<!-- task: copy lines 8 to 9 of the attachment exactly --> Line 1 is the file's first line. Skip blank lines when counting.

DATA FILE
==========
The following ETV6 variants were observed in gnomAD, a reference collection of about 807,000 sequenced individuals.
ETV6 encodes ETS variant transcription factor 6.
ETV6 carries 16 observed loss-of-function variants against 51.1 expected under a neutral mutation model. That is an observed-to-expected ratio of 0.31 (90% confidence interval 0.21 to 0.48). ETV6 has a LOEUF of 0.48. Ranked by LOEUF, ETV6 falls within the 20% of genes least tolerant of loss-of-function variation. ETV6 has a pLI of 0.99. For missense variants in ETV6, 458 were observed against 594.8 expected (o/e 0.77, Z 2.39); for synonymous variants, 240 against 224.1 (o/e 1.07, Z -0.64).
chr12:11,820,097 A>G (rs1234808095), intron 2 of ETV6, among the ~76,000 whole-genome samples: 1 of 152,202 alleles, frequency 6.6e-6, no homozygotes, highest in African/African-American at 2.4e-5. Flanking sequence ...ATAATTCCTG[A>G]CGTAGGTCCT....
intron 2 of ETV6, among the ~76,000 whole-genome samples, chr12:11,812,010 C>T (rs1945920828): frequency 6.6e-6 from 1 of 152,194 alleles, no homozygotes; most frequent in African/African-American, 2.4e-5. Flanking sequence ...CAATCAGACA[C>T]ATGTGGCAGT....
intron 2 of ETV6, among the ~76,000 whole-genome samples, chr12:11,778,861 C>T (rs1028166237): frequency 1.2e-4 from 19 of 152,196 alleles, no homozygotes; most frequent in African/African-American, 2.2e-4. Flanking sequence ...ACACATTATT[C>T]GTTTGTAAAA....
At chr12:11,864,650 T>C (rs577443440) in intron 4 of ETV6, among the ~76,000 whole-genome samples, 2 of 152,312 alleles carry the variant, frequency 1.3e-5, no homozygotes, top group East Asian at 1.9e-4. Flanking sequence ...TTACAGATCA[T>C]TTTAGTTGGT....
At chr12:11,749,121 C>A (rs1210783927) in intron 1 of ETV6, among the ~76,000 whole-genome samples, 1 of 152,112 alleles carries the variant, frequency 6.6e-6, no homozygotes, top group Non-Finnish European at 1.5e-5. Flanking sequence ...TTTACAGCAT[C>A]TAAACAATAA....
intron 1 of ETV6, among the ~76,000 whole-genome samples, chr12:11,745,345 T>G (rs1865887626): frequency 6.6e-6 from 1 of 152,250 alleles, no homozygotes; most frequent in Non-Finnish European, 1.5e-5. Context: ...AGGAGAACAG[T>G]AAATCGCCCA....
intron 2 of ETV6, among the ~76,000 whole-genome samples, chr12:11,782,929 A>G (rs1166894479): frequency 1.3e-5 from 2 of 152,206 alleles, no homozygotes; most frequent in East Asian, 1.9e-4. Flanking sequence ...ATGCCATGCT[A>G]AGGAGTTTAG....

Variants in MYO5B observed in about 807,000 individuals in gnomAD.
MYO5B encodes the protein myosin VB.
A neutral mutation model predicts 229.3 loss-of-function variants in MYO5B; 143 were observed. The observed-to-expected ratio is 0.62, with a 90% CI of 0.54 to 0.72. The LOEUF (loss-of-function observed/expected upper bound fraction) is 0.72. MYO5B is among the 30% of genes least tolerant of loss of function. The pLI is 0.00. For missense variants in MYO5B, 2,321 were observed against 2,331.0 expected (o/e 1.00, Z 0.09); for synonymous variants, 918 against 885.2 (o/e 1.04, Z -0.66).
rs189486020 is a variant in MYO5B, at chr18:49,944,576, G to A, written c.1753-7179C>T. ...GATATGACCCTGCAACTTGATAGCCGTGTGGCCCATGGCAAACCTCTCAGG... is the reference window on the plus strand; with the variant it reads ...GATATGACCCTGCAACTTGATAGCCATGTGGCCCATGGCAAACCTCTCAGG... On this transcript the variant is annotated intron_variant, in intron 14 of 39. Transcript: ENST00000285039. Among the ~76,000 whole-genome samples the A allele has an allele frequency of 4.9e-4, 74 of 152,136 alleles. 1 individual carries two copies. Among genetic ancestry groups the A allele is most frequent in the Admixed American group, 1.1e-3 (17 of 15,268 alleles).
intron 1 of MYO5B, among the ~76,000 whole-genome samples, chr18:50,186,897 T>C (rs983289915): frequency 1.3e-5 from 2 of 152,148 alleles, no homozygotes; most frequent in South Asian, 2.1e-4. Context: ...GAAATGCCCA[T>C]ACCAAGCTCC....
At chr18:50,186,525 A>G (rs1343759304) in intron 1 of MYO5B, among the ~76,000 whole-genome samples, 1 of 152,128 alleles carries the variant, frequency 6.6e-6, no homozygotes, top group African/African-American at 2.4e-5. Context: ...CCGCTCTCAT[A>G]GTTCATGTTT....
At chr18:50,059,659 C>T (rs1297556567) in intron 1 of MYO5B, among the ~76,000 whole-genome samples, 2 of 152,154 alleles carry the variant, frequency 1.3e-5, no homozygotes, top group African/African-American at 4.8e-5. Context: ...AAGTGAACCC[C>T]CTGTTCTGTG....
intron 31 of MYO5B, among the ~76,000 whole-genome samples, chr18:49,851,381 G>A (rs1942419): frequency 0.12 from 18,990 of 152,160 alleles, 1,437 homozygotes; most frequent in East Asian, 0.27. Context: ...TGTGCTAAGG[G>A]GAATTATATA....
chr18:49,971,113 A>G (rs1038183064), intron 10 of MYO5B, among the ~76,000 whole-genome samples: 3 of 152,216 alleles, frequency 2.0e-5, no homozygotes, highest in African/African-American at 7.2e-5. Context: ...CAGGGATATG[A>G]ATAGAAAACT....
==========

At chr12:11,749,121 C>A (rs1210783927) in intron 1 of ETV6, among the ~76,000 whole-genome samples, 1 of 152,112 alleles carries the variant, frequency 6.6e-6, no homozygotes, top group Non-Finnish European at 1.5e-5. Flanking sequence ...TTTACAGCAT[C>A]TAAACAATAA....
intron 1 of ETV6, among the ~76,000 whole-genome samples, chr12:11,745,345 T>G (rs1865887626): frequency 6.6e-6 from 1 of 152,250 alleles, no homozygotes; most frequent in Non-Finnish European, 1.5e-5. Context: ...AGGAGAACAG[T>G]AAATCGCCCA....